March 6, 2014

Focusing on four factors common to helicopter accidents – weather, loss of control, controlled flight into terrain/obstacles and night operations – the FAA recently published a final rule establishing new operational, training and equipment requirements for FAR Part 91, 120 and 135 specialized medical operations. The new rules become effective on April 22.

Download the final rule: “Helicopter Air Ambulance, Commercial Helicopter, and Part 91 Helicopter Operations” (PDF)

The new requirements establish flight rules and enhance communication, training and on-board safety equipment requirements for helicopters. Air ambulance operations have come under increased public scrutiny from government officials, in the wake of 62 accidents and 125 fatalities between 1991 and 2010.

“The unique nature of emergency medical transportation is receiving greater attention from government officials,” says Peter Korns, an operations specialist with NBAA.

Although air ambulances fly “under unique conditions,” these helicopters are not the only ones that face challenges and land at unfamiliar sites with hazards such as trees, towers and wires, so the safety factors embodied in the new rules should be of interest to all rotary-wing operators.

New weather minimums for Class G airspace between the surface and 1,200 feet will affect all helicopter operations. To reduce the chances of inadvertent flight into instrument meteorological conditions (IMC), 14 CFR 91.155 adds visibility requirements – 0.5 statute miles during the day and 1 statute mile at night – to operating clear of clouds.

In their initial and recurrent training, all Part 135 helicopter pilots must demonstrate that they can maneuver and exit IMC when they inadvertently encounter it. This includes flat-light conditions and the helicopter-induced IMC of rotor-washed snow (whiteout) or dust (brownout), and rotorcraft pilots must be able to recognize and avoid these situations.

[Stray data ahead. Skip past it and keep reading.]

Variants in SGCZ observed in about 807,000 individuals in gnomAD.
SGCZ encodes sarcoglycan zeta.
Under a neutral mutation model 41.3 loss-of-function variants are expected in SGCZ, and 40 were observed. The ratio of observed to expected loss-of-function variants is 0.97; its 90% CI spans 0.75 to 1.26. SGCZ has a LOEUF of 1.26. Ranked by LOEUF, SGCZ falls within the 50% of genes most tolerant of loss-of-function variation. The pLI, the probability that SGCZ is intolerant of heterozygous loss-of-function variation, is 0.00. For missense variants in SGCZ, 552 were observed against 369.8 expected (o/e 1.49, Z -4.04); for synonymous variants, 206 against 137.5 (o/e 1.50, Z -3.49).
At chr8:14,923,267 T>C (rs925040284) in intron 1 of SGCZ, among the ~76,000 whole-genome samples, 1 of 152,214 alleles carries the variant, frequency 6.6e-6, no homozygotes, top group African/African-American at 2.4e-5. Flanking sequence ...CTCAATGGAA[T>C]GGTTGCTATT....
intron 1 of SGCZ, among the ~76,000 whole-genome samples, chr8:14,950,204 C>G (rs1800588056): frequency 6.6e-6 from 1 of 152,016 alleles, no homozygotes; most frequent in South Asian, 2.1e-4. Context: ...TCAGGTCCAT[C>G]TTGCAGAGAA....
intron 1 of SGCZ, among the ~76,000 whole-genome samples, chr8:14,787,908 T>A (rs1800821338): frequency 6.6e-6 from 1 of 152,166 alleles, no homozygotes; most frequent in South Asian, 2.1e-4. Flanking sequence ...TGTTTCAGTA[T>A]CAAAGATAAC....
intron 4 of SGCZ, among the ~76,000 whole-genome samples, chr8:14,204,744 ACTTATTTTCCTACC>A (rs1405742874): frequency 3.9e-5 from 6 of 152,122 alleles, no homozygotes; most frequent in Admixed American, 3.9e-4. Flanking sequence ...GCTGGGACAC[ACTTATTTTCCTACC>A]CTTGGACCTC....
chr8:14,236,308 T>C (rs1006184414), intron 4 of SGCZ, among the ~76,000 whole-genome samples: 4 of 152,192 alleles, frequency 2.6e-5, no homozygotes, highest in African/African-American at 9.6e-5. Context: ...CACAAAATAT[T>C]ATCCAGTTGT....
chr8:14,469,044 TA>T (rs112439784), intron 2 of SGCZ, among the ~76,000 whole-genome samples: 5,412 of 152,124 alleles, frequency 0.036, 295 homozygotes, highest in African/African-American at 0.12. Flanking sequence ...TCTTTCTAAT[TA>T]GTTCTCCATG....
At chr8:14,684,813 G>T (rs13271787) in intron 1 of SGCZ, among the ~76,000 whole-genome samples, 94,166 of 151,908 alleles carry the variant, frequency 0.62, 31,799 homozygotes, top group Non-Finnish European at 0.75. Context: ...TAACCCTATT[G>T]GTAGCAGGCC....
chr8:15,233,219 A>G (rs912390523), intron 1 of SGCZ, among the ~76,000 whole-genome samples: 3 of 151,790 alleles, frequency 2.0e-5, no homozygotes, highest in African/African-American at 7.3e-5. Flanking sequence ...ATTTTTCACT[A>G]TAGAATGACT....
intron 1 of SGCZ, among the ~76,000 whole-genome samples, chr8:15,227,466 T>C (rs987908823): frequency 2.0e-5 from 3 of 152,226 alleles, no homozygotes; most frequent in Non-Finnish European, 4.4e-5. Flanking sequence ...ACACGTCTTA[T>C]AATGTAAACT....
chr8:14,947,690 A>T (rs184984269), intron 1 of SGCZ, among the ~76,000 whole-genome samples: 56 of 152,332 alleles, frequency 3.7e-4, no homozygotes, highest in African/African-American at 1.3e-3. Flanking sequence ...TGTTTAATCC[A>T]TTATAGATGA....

The rule sets new, higher weather minimums for Part 135 alternate airports named in flight plans: 200 feet above the minimum for the instrument approach procedure to be flown and one mile visibility, but never less than the approach’s minimum visibility.

All Part 135 helicopter operations will require more survival equipment when operating over water. After April 24, 2017, they must be equipped with an approved radar altimeter or device that incorporates one. There is a deviation process for aircraft unable to incorporate this equipment.

The requirements for air ambulance equipment, operations, and training are contained in Subpart L of Part 135. These requirements include a helicopter instrument rating for all air ambulance pilots, whose preflight planning must identify and document the highest obstacles along their planned routes and include a risk analysis that considers all aspects of the route and weather.

Operators with 10 or more air ambulances must establish an operations control center to help pilots with the weather and route information and risk analysis, as well as to provide flight monitoring. Because these operations control specialists perform safety functions like a dispatcher, they are subject to Part 120 drug and alcohol restrictions. In addition, by April 23, 2018, air ambulances must be equipped with a flight data monitoring system.

After April 24, 2017, air ambulances must be equipped with a helicopter terrain awareness and warning system (HTAWS). With the radar altimeter requirement, this equipment will improve pilot awareness during the helicopter’s unique operations, especially at unimproved landing zones, confined areas and other areas that require vertical approaches.

When operating in Class G airspace, air ambulances will have specific VFR ceiling and visibility minimums for day, night and night vision or HTAWS operations in local and non-local mountainous and non-mountainous locations.

The rule encourages IFR operations when the airport doesn’t have a published instrument approach or weather reporting. Air ambulances can land if the helicopters can descend from the minimum en route altitude in basic VFR conditions, and they can land at sites without weather reporting by drawing on the nearest approved weather information and flight planning a suitable alternate.

For more information, contact NBAA’s Peter Korns at